Berenson, Bernard, 1865-1959; Metropolitan Museum of Art (New York, N.Y.); Letters
In this letter, Berenson thatnks Frances for her letter as well as a brochure from her recent exhibition, which was held at the Metropolitan Museum of Art. Berenson also mentions the health of Bernard Berenson (to whom she refers as B. B.), and her...
In this letter, Berenson expresses her concern for Frances' health, then shares personal anecdotes regarding the deaths of some of her acquaintances. She then reveals that Bernard Berenson has been suffering from several colds. The letter is...
In this letter, written on blue paper with blue pen, Berenson thanks Frances for her letter, then remarks about how she feels that old age is creeping up on her. There are some red smudges on the reverse page.
In this letter, written on blue paper with blue pen, Berenson expresses her condolences for the death of Bernard Berenson (to whom she refers as B. B.). She invites Frances and her family to visit her in Santa Barbara.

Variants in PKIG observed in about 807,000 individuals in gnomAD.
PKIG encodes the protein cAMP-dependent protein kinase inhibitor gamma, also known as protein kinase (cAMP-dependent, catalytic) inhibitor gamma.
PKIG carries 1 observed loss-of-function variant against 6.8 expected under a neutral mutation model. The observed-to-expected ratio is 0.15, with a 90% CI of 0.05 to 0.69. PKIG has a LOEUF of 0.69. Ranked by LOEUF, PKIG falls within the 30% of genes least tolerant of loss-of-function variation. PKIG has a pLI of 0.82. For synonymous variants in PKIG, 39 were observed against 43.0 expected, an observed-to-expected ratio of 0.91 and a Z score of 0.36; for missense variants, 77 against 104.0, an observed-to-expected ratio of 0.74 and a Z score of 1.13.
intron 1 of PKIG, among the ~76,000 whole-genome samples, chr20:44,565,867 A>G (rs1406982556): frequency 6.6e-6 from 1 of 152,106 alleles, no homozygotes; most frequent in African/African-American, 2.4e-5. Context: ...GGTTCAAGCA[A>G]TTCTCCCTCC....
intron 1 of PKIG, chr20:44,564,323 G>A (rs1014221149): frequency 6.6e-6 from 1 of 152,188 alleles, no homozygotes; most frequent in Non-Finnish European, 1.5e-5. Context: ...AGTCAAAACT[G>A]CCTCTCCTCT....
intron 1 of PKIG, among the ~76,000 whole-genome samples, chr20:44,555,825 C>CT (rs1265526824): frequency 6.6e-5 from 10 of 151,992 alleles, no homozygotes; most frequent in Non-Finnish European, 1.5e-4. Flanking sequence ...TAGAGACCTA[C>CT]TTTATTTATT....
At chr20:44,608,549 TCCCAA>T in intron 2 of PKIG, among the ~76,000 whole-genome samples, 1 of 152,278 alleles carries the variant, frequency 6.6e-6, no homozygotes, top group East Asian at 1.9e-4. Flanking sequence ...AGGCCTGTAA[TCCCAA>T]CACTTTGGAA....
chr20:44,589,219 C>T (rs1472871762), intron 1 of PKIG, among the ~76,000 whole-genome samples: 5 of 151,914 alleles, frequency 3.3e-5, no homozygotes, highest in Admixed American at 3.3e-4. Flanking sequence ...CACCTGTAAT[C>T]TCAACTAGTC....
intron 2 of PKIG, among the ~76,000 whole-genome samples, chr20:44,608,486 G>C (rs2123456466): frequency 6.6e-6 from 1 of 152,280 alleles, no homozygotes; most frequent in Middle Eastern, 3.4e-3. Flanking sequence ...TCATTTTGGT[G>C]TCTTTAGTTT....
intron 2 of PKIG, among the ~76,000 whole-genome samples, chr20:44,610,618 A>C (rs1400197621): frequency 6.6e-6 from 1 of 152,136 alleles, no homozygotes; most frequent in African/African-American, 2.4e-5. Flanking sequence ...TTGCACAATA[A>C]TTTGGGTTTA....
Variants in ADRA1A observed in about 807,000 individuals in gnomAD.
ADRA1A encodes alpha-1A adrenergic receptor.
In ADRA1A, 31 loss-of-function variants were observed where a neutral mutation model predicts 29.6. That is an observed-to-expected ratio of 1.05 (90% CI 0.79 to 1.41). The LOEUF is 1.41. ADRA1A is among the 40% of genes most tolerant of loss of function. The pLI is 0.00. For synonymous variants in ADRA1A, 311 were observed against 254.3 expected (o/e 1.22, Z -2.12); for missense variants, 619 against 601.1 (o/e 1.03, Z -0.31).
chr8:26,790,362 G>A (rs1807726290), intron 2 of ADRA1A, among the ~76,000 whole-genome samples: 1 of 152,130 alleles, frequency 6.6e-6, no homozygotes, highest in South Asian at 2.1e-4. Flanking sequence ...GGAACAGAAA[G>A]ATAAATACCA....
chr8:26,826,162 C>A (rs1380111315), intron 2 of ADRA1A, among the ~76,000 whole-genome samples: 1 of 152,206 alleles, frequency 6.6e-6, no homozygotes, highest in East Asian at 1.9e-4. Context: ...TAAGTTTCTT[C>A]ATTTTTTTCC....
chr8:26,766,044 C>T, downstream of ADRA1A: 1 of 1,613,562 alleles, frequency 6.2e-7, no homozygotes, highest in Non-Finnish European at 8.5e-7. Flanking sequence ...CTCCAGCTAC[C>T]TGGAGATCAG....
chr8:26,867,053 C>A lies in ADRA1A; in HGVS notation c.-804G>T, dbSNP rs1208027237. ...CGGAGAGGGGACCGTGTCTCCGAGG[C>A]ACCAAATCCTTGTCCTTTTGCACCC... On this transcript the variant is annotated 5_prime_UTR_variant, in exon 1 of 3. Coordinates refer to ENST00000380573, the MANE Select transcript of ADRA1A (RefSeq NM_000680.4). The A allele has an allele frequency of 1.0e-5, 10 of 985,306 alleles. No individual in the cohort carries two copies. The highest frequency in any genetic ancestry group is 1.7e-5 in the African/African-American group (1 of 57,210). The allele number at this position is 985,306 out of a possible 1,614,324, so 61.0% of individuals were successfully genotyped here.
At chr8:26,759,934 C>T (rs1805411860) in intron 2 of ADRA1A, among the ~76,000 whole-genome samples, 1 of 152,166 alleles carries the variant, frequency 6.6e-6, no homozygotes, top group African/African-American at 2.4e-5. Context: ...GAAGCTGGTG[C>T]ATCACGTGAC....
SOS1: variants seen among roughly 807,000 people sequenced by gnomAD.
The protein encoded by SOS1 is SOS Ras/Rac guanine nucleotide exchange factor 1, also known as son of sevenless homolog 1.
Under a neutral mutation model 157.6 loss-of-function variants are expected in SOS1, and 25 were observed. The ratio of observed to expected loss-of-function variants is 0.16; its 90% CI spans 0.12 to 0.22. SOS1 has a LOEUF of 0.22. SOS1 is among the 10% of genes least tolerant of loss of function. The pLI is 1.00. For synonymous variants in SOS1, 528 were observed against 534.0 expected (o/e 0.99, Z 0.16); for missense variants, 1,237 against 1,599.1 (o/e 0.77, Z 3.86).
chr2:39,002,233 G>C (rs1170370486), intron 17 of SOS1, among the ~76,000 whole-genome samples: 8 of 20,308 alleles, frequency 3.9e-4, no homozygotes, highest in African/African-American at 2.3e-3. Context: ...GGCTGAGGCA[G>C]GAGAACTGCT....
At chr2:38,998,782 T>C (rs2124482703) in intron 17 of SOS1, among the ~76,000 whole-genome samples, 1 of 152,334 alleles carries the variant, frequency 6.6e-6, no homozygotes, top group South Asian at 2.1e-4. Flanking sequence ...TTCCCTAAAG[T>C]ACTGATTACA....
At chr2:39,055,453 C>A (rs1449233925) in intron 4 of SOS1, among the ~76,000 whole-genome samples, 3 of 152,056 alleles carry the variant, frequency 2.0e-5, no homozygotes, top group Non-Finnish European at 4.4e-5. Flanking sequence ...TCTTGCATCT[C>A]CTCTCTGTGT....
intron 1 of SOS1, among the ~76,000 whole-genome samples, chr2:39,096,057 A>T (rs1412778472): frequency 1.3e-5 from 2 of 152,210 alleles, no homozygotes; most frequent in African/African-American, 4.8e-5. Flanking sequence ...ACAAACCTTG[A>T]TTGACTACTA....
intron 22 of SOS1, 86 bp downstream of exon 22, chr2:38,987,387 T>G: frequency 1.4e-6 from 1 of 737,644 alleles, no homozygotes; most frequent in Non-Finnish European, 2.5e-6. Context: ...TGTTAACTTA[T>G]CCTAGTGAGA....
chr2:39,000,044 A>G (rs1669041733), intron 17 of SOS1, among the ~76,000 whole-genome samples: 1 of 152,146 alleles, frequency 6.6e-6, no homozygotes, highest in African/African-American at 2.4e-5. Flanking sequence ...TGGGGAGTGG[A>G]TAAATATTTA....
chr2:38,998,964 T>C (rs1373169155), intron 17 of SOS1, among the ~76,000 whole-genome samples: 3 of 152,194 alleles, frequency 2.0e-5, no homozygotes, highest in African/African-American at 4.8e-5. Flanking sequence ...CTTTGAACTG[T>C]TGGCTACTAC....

Berenson wishes the recipient of this card a happy holiday season. In addition, she provides a handwritten note in which she assures the recipient that Bernard is "fairly well." She signs the letter "Bessie."
Possible commemorative item that details on the front page the life and achievements of Elizabeth (Elisabeth) Strickland. A short note by Strickland is pasted inside. In it, Strickland writes "I must be up to town and settle myself in our new...
Aldrich, Thomas Bailey, 1836-1907; Shelley, Percy Bysshe, 1792-1822; Keats, John, 1795-1821; Browning, Elizabeth Barrett, 1806-1861; Tennyson, Alfred Tennyson, Baron, 1809-1892; Poetry; Clippings (Books, newspapers, etc.); Collecteana files
A file folder with American Art Association information on it in black lettering. The tab says Aldrich's name on it. There is a cut out typed description of the letter from Aldrich to Stedman. The back has a red mark with 3 A's.
In this letter, Berenson mentions letters that she has sent containing her correspondence with Bernard Berenson and his two sisters, Senda and Elizabeth. She also writes that she will be sending in more letters that she has found.
Letter written in black ink on beige paper. Deed of gift from T. J. Hiatt to his niece Elizabeth Hiatt for one female slave. Includes notarized certification of the deed from clerk of the Lincoln County Court.